- Homestead Honey is a homeschooling, homesteading mom who shares with us her experience with a Waldorf-inspired birthday for her child. (She has another delightful article where she talks about her daughter losing her tooth and the tradition they have for that.
- Read our article if you need to know How to Organize a Basic Party.
I would never presume to intrude on the special family traditions you already have in place for your holy day, or holiday, celebrations. Even families with few traditions will usually have special food traditions for the holidays, if nothing else.
However, it can be fun to learn what other homestead and farm families are doing.
Family Traditions & Holidays in Winter
We have a tradition in our family for Christmas that is actually held in June. It’s called Leon Day and it’s the day we do our family name drawing for Christmas gifts and gather ideas for homemade gifts.
- Here’s a fun recycled gift wrap tradition from Attainable Sustainable.
- We celebrate each of the Sundays of Advent, too. You can read Homestead Honey’s traditions with Advent here.
- Every year we put out a crèche, or two – or three. I really love them for some reason. You can read about how to make your own nativity sets here.
- From the beginning of fall through Christmas, we also do several service projects. Making scarves and hats to donate, and gifts for children like dolls.
- We also made baby quilts one year – that was so fun, even though I’m really not much of a seamstress. These projects help us stay focused on gratitude and joy at these times of year when it’s easy to get distracted.
Family Traditions in Spring
Easter has its own celebrations, too, including:
- Living Easter Baskets
- Blowing Easter Eggs
- Naturally Dyeing Easter Eggs
- Kulich – a must have food
- Observing, really observing, Maundy Thursday
And so many others. I hope these ideas give you your own to run with.
Really, you are the best person to decide what will work in your family. I encourage you to try a variety of different traditions from around the world.
Over time, decide which ones are the most meaningful for you.
Resources for Family Traditions
And, of course, you’ll need a great book.
We’d be pleased if you checked our our very own, Five Kernels of Corn! This makes a great homeschool unit study for the season, or simply a fun thing to work on with your grandkids. Being thankful is a deliberate way to be; we like to think we can help you out with that.
Other Books for Family Traditions
When I got married, my step mother gave me these first two books and I have always cherished them. The others have come into our family over time and are now great friends:
Mrs. Sharp’s Traditions is a simply lovely book comprised of Victorian based traditions, adapted for the modern family. The book does NOT have a modern feel to it, though, which I love. The information is organized by month, taking you through the year. The book includes beautiful pictures, interesting history regarding holidays and a warm, cozy feel throughout. She also has themed party suggestions and crafts, as well as recipes.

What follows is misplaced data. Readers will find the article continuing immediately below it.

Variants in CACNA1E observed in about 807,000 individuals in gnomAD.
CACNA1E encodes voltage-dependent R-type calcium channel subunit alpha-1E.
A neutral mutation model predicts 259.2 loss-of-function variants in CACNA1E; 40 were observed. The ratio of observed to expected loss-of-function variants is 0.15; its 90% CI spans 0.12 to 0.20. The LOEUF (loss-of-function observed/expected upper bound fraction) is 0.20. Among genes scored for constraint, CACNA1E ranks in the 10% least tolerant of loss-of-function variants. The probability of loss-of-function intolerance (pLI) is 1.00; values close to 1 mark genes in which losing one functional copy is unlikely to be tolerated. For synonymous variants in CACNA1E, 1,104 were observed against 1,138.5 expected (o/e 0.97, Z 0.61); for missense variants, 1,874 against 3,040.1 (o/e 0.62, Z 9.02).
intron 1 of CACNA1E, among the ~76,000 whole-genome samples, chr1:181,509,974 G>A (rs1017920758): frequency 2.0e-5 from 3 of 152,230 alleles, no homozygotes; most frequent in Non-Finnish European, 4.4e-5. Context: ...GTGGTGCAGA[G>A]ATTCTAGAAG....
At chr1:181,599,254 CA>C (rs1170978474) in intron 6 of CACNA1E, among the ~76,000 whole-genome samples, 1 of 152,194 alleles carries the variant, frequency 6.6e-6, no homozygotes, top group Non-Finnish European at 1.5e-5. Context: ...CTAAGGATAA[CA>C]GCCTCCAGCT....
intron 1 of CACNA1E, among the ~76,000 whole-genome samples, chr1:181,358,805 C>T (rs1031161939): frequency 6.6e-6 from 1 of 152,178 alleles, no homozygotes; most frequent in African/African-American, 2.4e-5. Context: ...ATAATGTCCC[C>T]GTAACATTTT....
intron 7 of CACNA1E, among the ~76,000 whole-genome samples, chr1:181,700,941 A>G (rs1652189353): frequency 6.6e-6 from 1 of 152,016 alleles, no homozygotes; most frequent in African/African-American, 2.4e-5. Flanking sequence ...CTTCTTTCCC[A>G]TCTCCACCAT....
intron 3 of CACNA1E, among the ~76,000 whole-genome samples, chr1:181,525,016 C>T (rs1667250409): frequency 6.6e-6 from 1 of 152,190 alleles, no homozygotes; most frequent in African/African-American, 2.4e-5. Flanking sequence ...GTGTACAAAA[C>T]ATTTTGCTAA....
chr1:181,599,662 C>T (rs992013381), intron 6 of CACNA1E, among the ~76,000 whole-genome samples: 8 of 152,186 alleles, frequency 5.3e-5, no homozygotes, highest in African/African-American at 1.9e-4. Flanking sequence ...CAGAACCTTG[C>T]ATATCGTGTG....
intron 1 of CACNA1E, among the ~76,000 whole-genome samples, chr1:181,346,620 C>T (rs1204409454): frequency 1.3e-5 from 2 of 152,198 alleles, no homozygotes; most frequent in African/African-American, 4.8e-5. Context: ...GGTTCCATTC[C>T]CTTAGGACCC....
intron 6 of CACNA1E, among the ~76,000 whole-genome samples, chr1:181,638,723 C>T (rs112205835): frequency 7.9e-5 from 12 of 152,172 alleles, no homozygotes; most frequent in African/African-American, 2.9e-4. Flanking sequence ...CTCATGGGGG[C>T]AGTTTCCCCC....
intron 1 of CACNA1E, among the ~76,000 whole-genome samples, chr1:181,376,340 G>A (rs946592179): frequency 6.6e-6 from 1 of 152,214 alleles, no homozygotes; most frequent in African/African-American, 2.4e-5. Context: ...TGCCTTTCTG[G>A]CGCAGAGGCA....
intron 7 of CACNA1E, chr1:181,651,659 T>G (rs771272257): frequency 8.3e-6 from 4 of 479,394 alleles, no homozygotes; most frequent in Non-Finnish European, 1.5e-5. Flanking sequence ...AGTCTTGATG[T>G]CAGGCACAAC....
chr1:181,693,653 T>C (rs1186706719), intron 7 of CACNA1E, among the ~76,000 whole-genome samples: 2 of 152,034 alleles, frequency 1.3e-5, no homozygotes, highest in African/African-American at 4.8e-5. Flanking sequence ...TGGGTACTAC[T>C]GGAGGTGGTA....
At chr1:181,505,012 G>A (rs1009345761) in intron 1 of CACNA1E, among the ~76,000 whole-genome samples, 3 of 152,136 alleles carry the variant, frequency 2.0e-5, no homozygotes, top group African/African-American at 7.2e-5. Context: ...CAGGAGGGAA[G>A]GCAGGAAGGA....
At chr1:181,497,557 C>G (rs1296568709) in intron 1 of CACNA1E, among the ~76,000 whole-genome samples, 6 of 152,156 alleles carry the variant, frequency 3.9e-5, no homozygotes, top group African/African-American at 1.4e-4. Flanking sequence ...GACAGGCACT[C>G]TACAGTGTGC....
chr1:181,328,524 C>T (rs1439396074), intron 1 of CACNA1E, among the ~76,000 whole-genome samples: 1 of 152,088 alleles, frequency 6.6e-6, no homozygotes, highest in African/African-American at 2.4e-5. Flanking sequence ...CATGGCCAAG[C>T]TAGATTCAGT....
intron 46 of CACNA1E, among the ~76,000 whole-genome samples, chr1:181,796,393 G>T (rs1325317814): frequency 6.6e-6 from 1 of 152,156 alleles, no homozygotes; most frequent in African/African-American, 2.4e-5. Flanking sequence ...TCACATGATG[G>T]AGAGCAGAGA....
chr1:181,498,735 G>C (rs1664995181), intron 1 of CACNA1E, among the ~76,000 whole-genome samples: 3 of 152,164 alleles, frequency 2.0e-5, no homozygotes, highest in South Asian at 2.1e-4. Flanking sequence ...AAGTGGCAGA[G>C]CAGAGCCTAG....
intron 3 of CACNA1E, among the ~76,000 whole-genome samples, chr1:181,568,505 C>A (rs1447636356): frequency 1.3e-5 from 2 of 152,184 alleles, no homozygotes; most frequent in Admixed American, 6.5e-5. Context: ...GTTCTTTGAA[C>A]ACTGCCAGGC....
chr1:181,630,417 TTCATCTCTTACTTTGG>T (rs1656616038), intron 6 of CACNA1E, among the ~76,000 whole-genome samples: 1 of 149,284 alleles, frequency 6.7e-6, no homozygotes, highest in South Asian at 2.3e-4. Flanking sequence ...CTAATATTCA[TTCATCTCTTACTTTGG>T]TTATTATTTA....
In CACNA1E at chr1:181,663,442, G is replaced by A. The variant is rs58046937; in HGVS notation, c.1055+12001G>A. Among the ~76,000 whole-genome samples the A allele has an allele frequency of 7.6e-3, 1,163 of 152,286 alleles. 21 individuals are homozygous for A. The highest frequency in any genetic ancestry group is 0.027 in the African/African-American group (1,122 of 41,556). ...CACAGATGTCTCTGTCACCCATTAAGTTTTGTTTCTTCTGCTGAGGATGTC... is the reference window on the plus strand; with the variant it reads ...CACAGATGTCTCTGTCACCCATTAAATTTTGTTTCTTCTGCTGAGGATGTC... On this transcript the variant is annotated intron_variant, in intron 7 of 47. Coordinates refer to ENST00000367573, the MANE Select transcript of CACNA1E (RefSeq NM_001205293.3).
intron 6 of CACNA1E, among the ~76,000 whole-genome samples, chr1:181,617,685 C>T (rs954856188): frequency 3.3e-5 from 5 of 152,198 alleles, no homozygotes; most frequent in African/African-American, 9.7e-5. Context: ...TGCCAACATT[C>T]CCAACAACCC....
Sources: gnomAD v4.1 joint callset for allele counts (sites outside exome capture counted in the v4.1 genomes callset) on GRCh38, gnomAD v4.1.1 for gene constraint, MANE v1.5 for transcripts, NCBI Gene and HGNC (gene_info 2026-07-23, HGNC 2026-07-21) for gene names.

Festivals, Family and Food is another great one, especially for you Waldorf enthusiasts. It’s companion book, The Children’s Year, is a worthy sister. Both are full of crafts and activities that follow the seasons and holidays. The authors are British, which make them an even more charming read for this Anglophile. The Children’s Year has a greater focus on crafts, especially knitting and yarn crafts. The Festivals book includes snippets from literature and recipes. I like both but if I had to pick one, it would be Festivals, Family and Food.
We’ve also enjoyed learning more about Jewish holidays with this book, The Family Treasury of Jewish Holidays – lots of stories, recipes and crafts! As Christians, we’ve really improved our Easter celebrations by celebrating Passover. We’ve made several of our holidays more meaningful by observing the yearly Jewish festivals in our own way.
Can you tell I have small children? Kids are like sponges full of Greek fire. They soak up everything and the more you throw on, the bigger their fire gets. They are so willing to be thrilled by all they learn.
I’m always so grateful that my best friends are all under ten years old because nothing is ever dull!
More Books for Family Traditions
Speaking of never dull, there’s a book we enjoy so much we keep it out on an easel and turn the pages from month to month to follow the year. This book is penned and illustrated by one of my all time favorite authors/illustrators/gardeners, Tasha Tudor. Just the title alone is inspiring, A Time to Keep. It follows a grandmother through each month as she tells her granddaughter all the delightful things they did in “the good old days”.
For another specifically seasonal book, geared toward adults but absolutely applicable to children, is this one:
With journal prompts, crafts, recipes and more this book will gently take you through the year.
Grateful for Traditions
I’m grateful for any chance to remember there is a time to every purpose under heaven and I am to practice being thankful in all things.
I am also grateful for the family I have and the traditions that root me to them. I am yet more grateful to be surrounded by great books and great mentors so that each day I can improve and strengthen the ties that will bind us no matter what is happening in the world around us. So here’s to the heart of any homestead – the home.
May you make friends with many new and wholesome traditions this year!